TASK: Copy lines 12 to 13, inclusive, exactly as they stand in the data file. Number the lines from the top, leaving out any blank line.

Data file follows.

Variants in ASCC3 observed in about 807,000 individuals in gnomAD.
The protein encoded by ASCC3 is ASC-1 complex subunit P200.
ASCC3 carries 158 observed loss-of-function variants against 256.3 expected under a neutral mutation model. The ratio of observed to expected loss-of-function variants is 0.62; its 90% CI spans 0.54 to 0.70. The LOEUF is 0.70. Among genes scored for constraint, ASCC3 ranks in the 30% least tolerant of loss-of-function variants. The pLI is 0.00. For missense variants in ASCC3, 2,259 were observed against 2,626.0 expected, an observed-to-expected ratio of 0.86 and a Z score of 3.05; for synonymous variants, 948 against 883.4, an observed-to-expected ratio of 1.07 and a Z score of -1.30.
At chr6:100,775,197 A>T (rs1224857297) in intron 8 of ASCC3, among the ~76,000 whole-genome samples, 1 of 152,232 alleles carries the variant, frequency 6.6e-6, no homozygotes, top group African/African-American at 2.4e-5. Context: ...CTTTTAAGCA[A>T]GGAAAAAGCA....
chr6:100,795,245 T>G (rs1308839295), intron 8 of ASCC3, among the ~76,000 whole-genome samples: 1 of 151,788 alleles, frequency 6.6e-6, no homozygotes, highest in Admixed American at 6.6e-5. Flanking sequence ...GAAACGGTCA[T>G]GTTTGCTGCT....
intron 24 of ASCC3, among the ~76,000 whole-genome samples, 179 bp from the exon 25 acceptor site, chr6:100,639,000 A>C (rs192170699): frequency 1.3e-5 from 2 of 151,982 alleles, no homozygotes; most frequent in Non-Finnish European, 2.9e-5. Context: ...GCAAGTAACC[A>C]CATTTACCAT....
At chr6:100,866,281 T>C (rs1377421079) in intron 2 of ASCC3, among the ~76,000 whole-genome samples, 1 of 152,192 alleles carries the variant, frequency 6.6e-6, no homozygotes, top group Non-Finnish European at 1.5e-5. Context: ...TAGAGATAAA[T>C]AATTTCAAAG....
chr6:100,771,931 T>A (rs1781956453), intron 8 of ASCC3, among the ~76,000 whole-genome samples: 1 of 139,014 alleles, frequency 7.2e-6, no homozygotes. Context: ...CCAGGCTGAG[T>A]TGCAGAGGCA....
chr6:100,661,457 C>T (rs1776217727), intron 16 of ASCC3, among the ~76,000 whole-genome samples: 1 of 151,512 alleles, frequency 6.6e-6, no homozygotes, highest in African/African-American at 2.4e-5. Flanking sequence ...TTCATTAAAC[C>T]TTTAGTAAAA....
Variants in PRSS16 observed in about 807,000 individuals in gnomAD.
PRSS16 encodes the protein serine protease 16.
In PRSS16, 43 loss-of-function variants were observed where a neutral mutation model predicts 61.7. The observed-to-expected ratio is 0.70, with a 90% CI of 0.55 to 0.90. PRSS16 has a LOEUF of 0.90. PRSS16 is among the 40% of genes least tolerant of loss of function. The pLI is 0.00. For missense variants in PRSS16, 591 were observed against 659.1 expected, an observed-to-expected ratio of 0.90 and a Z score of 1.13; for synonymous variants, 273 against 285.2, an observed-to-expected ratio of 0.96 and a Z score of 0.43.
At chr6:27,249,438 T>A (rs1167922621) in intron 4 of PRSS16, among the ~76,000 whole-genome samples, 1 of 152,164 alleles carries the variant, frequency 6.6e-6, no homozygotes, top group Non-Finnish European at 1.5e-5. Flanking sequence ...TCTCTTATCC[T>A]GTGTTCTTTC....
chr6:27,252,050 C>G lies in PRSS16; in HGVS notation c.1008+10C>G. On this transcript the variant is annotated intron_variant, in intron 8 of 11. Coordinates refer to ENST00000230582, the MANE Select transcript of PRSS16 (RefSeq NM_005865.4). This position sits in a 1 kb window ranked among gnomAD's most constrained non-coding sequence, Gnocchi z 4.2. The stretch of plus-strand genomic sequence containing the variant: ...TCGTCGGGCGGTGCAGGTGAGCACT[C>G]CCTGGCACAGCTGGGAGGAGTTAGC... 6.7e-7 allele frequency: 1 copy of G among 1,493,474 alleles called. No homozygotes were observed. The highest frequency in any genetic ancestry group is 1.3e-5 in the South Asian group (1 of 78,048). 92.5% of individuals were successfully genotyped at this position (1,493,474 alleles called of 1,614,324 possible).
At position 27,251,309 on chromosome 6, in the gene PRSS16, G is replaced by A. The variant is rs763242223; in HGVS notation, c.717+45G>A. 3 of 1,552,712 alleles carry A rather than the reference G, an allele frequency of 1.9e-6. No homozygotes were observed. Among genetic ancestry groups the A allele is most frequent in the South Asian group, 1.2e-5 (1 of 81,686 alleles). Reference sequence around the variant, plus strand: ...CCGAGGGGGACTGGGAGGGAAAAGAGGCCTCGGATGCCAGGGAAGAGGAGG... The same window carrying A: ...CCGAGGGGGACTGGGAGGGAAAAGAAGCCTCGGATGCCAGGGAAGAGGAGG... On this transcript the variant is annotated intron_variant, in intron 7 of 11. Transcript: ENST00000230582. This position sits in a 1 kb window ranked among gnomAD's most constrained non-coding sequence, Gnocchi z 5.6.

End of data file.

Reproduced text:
In PRSS16, 43 loss-of-function variants were observed where a neutral mutation model predicts 61.7. The observed-to-expected ratio is 0.70, with a 90% CI of 0.55 to 0.90. PRSS16 has a LOEUF of 0.90. PRSS16 is among the 40% of genes least tolerant of loss of function. The pLI is 0.00. For missense variants in PRSS16, 591 were observed against 659.1 expected, an observed-to-expected ratio of 0.90 and a Z score of 1.13; for synonymous variants, 273 against 285.2, an observed-to-expected ratio of 0.96 and a Z score of 0.43.
At chr6:27,249,438 T>A (rs1167922621) in intron 4 of PRSS16, among the ~76,000 whole-genome samples, 1 of 152,164 alleles carries the variant, frequency 6.6e-6, no homozygotes, top group Non-Finnish European at 1.5e-5. Flanking sequence ...TCTCTTATCC[T>A]GTGTTCTTTC....